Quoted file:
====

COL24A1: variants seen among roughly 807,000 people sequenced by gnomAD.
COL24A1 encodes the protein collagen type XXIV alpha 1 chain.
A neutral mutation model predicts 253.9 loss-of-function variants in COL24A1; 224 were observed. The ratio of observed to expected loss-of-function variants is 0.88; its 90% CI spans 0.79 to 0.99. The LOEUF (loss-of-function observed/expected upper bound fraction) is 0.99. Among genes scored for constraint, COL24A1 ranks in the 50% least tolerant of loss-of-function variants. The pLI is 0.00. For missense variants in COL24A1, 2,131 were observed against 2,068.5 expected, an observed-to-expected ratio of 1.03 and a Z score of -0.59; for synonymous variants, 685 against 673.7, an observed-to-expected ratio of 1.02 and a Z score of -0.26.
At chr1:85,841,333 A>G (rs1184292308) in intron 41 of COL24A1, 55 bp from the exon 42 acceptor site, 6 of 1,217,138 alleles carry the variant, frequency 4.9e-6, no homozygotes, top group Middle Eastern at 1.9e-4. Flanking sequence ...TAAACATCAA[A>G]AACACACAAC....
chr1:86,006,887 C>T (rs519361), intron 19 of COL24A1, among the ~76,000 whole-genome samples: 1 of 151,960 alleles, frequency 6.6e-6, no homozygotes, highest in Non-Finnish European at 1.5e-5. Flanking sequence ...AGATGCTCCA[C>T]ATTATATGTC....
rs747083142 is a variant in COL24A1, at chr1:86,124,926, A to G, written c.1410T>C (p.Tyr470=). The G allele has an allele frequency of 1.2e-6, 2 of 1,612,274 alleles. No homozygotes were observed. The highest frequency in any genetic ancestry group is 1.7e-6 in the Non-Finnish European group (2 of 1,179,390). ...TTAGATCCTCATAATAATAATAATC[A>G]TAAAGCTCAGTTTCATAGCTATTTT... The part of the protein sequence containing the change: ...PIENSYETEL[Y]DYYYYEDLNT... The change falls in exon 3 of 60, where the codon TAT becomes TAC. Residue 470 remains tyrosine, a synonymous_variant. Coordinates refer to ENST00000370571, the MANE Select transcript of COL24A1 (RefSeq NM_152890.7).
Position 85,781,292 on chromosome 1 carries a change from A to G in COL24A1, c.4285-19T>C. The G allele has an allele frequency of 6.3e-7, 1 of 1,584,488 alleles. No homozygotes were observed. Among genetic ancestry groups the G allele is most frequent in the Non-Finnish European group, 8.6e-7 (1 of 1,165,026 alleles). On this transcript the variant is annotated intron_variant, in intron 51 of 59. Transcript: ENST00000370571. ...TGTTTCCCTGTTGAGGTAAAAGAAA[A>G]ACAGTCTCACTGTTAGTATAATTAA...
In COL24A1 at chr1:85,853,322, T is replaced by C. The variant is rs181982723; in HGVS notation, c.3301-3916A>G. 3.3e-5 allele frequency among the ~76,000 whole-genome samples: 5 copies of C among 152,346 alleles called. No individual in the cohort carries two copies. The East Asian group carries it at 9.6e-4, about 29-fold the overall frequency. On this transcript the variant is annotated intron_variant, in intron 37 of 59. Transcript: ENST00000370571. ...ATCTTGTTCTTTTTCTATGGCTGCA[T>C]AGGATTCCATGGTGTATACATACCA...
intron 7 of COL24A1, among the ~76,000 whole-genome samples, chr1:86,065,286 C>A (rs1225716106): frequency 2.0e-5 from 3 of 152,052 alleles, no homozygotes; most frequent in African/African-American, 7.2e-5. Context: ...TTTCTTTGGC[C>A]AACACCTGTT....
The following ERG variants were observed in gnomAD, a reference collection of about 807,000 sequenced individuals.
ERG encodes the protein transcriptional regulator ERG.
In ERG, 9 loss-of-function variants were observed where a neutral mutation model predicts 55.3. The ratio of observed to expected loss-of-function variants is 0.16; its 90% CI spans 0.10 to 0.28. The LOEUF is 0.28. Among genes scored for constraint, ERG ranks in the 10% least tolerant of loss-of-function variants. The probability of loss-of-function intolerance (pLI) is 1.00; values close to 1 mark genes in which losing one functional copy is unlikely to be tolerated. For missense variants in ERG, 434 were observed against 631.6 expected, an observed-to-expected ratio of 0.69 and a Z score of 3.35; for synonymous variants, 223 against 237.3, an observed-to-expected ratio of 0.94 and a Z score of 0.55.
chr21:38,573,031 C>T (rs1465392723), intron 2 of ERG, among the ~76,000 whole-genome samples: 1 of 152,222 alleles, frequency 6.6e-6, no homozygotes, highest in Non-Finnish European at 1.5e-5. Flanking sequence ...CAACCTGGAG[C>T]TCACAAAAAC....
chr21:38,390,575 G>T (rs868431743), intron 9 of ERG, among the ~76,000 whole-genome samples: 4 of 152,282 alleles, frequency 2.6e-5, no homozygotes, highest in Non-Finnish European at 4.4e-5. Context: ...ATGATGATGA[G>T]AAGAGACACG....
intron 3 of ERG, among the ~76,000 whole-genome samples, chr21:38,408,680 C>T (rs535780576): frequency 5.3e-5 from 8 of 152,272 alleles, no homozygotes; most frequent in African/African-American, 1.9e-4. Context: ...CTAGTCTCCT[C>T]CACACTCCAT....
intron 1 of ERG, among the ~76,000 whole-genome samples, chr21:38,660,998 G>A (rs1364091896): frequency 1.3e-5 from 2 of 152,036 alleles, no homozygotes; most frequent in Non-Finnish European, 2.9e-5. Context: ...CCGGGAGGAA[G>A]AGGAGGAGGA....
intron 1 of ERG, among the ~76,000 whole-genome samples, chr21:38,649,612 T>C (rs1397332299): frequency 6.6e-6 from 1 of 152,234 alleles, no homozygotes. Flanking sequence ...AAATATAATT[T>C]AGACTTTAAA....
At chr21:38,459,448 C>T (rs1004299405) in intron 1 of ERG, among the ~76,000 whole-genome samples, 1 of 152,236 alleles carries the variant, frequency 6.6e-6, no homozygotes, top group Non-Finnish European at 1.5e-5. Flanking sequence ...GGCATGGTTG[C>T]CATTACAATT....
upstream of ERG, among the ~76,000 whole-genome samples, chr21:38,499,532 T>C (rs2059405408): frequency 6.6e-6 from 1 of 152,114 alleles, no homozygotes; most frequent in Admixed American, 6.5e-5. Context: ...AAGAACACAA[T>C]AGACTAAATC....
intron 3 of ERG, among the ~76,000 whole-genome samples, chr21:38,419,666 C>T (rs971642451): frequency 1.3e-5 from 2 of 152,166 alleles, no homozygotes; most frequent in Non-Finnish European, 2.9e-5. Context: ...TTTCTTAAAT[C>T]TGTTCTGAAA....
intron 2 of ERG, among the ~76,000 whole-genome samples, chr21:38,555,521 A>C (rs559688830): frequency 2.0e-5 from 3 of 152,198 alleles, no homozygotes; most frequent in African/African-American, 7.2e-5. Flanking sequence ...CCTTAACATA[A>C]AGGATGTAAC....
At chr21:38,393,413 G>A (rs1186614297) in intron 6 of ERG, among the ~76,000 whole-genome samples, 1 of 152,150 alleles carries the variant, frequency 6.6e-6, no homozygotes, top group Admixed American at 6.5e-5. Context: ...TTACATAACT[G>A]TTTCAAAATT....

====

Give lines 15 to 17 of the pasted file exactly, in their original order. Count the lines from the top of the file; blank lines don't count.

intron 3 of ERG, among the ~76,000 whole-genome samples, chr21:38,408,680 C>T (rs535780576): frequency 5.3e-5 from 8 of 152,272 alleles, no homozygotes; most frequent in African/African-American, 1.9e-4. Context: ...CTAGTCTCCT[C>T]CACACTCCAT....
intron 1 of ERG, among the ~76,000 whole-genome samples, chr21:38,660,998 G>A (rs1364091896): frequency 1.3e-5 from 2 of 152,036 alleles, no homozygotes; most frequent in Non-Finnish European, 2.9e-5. Context: ...CCGGGAGGAA[G>A]AGGAGGAGGA....
intron 1 of ERG, among the ~76,000 whole-genome samples, chr21:38,649,612 T>C (rs1397332299): frequency 6.6e-6 from 1 of 152,234 alleles, no homozygotes. Flanking sequence ...AAATATAATT[T>C]AGACTTTAAA....